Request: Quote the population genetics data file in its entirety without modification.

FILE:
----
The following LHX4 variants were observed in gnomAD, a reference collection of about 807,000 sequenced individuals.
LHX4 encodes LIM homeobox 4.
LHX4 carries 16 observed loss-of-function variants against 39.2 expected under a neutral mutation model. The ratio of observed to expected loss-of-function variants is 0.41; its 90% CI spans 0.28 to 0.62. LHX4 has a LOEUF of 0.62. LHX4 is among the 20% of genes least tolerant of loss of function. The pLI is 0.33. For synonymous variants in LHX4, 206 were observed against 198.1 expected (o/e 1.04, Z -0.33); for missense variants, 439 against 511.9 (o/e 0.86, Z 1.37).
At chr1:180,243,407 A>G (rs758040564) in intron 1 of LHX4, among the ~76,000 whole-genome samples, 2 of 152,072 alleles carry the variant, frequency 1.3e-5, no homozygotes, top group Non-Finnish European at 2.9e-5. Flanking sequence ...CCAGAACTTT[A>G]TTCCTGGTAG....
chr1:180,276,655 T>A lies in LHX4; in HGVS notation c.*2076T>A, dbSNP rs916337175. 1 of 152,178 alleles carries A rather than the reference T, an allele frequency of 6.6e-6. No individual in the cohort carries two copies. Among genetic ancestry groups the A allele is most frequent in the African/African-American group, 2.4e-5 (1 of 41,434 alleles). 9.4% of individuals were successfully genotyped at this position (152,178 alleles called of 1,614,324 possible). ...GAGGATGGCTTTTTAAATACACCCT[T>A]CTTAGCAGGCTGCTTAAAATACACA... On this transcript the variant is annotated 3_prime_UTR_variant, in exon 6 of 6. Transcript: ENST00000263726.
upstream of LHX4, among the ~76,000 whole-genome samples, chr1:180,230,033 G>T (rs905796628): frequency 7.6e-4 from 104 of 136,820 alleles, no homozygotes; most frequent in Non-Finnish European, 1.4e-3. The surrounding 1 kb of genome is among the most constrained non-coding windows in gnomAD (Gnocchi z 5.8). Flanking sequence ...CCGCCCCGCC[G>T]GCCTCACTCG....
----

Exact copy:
The following LHX4 variants were observed in gnomAD, a reference collection of about 807,000 sequenced individuals.
LHX4 encodes LIM homeobox 4.
LHX4 carries 16 observed loss-of-function variants against 39.2 expected under a neutral mutation model. The ratio of observed to expected loss-of-function variants is 0.41; its 90% CI spans 0.28 to 0.62. LHX4 has a LOEUF of 0.62. LHX4 is among the 20% of genes least tolerant of loss of function. The pLI is 0.33. For synonymous variants in LHX4, 206 were observed against 198.1 expected (o/e 1.04, Z -0.33); for missense variants, 439 against 511.9 (o/e 0.86, Z 1.37).
At chr1:180,243,407 A>G (rs758040564) in intron 1 of LHX4, among the ~76,000 whole-genome samples, 2 of 152,072 alleles carry the variant, frequency 1.3e-5, no homozygotes, top group Non-Finnish European at 2.9e-5. Flanking sequence ...CCAGAACTTT[A>G]TTCCTGGTAG....
chr1:180,276,655 T>A lies in LHX4; in HGVS notation c.*2076T>A, dbSNP rs916337175. 1 of 152,178 alleles carries A rather than the reference T, an allele frequency of 6.6e-6. No individual in the cohort carries two copies. Among genetic ancestry groups the A allele is most frequent in the African/African-American group, 2.4e-5 (1 of 41,434 alleles). 9.4% of individuals were successfully genotyped at this position (152,178 alleles called of 1,614,324 possible). ...GAGGATGGCTTTTTAAATACACCCT[T>A]CTTAGCAGGCTGCTTAAAATACACA... On this transcript the variant is annotated 3_prime_UTR_variant, in exon 6 of 6. Transcript: ENST00000263726.
upstream of LHX4, among the ~76,000 whole-genome samples, chr1:180,230,033 G>T (rs905796628): frequency 7.6e-4 from 104 of 136,820 alleles, no homozygotes; most frequent in Non-Finnish European, 1.4e-3. The surrounding 1 kb of genome is among the most constrained non-coding windows in gnomAD (Gnocchi z 5.8). Flanking sequence ...CCGCCCCGCC[G>T]GCCTCACTCG....